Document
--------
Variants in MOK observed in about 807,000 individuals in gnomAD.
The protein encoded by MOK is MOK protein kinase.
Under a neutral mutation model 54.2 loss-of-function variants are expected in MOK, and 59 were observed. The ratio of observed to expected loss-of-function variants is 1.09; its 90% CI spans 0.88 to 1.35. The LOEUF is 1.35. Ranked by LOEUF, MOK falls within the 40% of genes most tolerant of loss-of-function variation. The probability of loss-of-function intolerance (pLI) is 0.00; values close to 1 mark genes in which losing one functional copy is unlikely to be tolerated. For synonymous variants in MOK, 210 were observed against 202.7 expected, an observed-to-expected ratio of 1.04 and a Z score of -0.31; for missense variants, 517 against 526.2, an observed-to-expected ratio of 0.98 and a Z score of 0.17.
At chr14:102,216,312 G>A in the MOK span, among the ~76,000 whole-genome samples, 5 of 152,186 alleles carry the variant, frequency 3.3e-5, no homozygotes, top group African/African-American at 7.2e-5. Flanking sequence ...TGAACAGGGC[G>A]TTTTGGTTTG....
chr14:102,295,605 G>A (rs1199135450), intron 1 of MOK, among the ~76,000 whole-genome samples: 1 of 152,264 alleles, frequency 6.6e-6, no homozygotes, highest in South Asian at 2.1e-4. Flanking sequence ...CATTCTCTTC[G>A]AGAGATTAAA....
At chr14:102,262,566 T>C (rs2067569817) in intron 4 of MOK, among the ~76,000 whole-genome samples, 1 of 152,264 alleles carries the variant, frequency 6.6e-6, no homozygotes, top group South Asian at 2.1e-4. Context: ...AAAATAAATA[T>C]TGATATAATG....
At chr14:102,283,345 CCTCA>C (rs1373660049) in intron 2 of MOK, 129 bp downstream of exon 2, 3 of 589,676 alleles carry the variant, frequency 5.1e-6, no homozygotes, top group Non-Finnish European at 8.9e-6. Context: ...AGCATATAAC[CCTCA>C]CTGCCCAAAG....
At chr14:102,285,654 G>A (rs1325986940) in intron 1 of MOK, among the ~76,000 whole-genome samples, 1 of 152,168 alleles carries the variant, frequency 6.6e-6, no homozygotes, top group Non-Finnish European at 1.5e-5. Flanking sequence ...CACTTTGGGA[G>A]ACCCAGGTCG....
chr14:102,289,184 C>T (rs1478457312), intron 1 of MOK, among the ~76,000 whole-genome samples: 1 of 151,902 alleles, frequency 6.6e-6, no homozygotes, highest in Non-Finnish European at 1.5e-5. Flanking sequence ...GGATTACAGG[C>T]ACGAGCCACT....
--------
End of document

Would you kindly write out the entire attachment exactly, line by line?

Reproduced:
Variants in MOK observed in about 807,000 individuals in gnomAD.
The protein encoded by MOK is MOK protein kinase.
Under a neutral mutation model 54.2 loss-of-function variants are expected in MOK, and 59 were observed. The ratio of observed to expected loss-of-function variants is 1.09; its 90% CI spans 0.88 to 1.35. The LOEUF is 1.35. Ranked by LOEUF, MOK falls within the 40% of genes most tolerant of loss-of-function variation. The probability of loss-of-function intolerance (pLI) is 0.00; values close to 1 mark genes in which losing one functional copy is unlikely to be tolerated. For synonymous variants in MOK, 210 were observed against 202.7 expected, an observed-to-expected ratio of 1.04 and a Z score of -0.31; for missense variants, 517 against 526.2, an observed-to-expected ratio of 0.98 and a Z score of 0.17.
At chr14:102,216,312 G>A in the MOK span, among the ~76,000 whole-genome samples, 5 of 152,186 alleles carry the variant, frequency 3.3e-5, no homozygotes, top group African/African-American at 7.2e-5. Flanking sequence ...TGAACAGGGC[G>A]TTTTGGTTTG....
chr14:102,295,605 G>A (rs1199135450), intron 1 of MOK, among the ~76,000 whole-genome samples: 1 of 152,264 alleles, frequency 6.6e-6, no homozygotes, highest in South Asian at 2.1e-4. Flanking sequence ...CATTCTCTTC[G>A]AGAGATTAAA....
At chr14:102,262,566 T>C (rs2067569817) in intron 4 of MOK, among the ~76,000 whole-genome samples, 1 of 152,264 alleles carries the variant, frequency 6.6e-6, no homozygotes, top group South Asian at 2.1e-4. Context: ...AAAATAAATA[T>C]TGATATAATG....
At chr14:102,283,345 CCTCA>C (rs1373660049) in intron 2 of MOK, 129 bp downstream of exon 2, 3 of 589,676 alleles carry the variant, frequency 5.1e-6, no homozygotes, top group Non-Finnish European at 8.9e-6. Context: ...AGCATATAAC[CCTCA>C]CTGCCCAAAG....
At chr14:102,285,654 G>A (rs1325986940) in intron 1 of MOK, among the ~76,000 whole-genome samples, 1 of 152,168 alleles carries the variant, frequency 6.6e-6, no homozygotes, top group Non-Finnish European at 1.5e-5. Flanking sequence ...CACTTTGGGA[G>A]ACCCAGGTCG....
chr14:102,289,184 C>T (rs1478457312), intron 1 of MOK, among the ~76,000 whole-genome samples: 1 of 151,902 alleles, frequency 6.6e-6, no homozygotes, highest in Non-Finnish European at 1.5e-5. Flanking sequence ...GGATTACAGG[C>T]ACGAGCCACT....